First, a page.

The seat itself is wide enough for three reasonably slim passengers but there is plenty of head and foot-room on offer from the high-set seat. The middle armrest in the rear contains a cupholder.

The new bigger sat-nav screen is excellent and easy to use, with big on screen buttons and a well thought-through approach to shortcut buttons.

The bluetooth pairing was slightly counter-intuitive, but we got there in the end. To avoid burning your phone battery, there's space for 20Gb of music on everything on the 132 TSI and up.

 

ON THE ROAD

  • Petrol 1.4 TSI is front wheel drive only
  • Two petrol 2.0 litre TSI engines - 132kW and 155kW
  • New 2.0 litre TDI diesel has 130kW and 380Nm of torque

The 118 TSI is almost indistinguishable from its predecessor.

The surprisingly strong engine, which is really only a few Nm down on torque, pulls well and the steering is light and accurate.

It rides well on the smallest wheels of the range and is almost on a par with the similarly front-wheel drive CX-5.

The 132TSI isn't noticeably swifter but with more gears and all-wheel drive down below it feels a lot more secure.

The 155TSI in the R-Line shares the swift-and-smooth shifting seven-speed DSG, the engine-transmission package also sharing stop-start and brake energy recovery.

The R-Line's adaptive damping handles the increase in diameter of the wheels to 18 inches more than adequately, smoothing out what could be a very bumpy ride when comfort and normal modes are selected.

The 130TDI is the biggest change to the powertrain options. With another 27kW and 60Nm on tap over the old 103 TDI, this is the absolute best all-rounder for the average buyer.

It pulls cleanly through the gears and is incredibly quiet.

Despite the hammering it copped from the press corps, the new diesel was averaging well below 10 l/100km (so its claimed average of 6.2 l/100km looks almost within reach).

All are excellent highway cruisers but perform just as well around the city.

The 155TSI R-Line is a blast on back-roads, with an ability to change direction without too much body-roll from the high body.

It may not have been super-fast, but it was a lot of fun. All models feature VW's XDL, a sort of electronic limited slip differential that helps quell understeer and improve traction under acceleration.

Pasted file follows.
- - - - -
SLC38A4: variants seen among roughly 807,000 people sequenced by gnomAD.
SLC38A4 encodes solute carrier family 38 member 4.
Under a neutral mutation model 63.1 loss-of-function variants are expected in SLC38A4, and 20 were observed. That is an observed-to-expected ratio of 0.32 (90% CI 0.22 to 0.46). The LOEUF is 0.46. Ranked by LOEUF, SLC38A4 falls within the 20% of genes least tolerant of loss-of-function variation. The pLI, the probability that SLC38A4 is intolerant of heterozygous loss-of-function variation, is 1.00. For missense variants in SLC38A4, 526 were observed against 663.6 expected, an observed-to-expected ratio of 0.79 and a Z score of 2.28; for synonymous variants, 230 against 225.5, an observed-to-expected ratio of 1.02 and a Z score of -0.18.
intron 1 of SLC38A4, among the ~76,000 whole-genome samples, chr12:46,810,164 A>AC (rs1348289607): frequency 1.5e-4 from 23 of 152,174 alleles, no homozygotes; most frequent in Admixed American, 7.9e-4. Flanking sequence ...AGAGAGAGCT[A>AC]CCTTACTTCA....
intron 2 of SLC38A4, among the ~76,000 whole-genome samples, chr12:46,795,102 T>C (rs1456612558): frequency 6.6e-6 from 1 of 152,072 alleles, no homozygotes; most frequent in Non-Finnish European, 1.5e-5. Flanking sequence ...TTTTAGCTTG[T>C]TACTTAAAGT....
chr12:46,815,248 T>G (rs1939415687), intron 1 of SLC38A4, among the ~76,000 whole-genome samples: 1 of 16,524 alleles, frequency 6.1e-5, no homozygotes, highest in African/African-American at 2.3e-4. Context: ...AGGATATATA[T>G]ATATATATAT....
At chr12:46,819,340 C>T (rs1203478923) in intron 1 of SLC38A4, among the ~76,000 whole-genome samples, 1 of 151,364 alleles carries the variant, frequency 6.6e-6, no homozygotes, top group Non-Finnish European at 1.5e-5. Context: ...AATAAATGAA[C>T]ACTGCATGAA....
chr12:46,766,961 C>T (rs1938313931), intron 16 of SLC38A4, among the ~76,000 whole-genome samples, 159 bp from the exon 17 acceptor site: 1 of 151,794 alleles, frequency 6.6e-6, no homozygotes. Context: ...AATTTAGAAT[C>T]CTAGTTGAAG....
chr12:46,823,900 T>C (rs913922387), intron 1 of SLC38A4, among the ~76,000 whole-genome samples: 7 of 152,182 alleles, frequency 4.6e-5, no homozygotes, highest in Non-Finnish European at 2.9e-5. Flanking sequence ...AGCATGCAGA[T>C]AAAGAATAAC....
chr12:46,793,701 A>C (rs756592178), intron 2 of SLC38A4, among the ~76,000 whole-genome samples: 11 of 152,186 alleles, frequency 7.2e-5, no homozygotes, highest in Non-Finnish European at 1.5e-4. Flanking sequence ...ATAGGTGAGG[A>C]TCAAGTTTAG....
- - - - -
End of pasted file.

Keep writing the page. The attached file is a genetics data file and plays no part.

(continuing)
It isn't as obvious on the Tiguan as on the Golf, but it certainly helps make the front-end point the way you want it to go.

The only real grumble is the slightly high-set (albeit adjustable) steering wheel.

 

SAFETY | RATING: 5/5 (based on 2014 model)

ANCAP rating: 5/5 Stars - this model scored 34.25 out of 37 possible points.

Safety features: Six airbags, ABS, brake assist, brake force distribution, traction and stability controls, engine braking control, fatigue detection, ISOFIX child seat anchorage points.

 

TMR VERDICT | OVERALL

The refreshed Tiguan, particularly in 130TDI form, builds on the older model without making any huge changes.

With the addition of reversing camera and a better basic specification without much of a price rise, Volkswagen has ensured the SUV stays competitive. It's not the outright class leader but it does do things a little differently.

It is also impressively refined.

While it's bested for price by its Korean competitors, neither can match the Tiguan's on-road feel and settled handling.

Lastly, in the case of the R-Line model, a picks up bit of 'badge cachet' from the Golf R without the high-performance engines or fuel and insurance bills.

MORE: Tiguan News & Reviews
MORE: Volkswagen | SUVs | Family Cars

 

PRICING (plus on-road costs)

  • Tiguan 118TSI - 6-speed manual - $28,990
  • Tiguan 118TSI - 6-speed DSG - $31,490
  • Tiguan 132TSI - 7-speed DSG - $36,990
  • Tiguan 130TDI - 7-speed DSG - $39,990
  • Tiguan 155TSI R-Line - 7-speed DSG - $44,990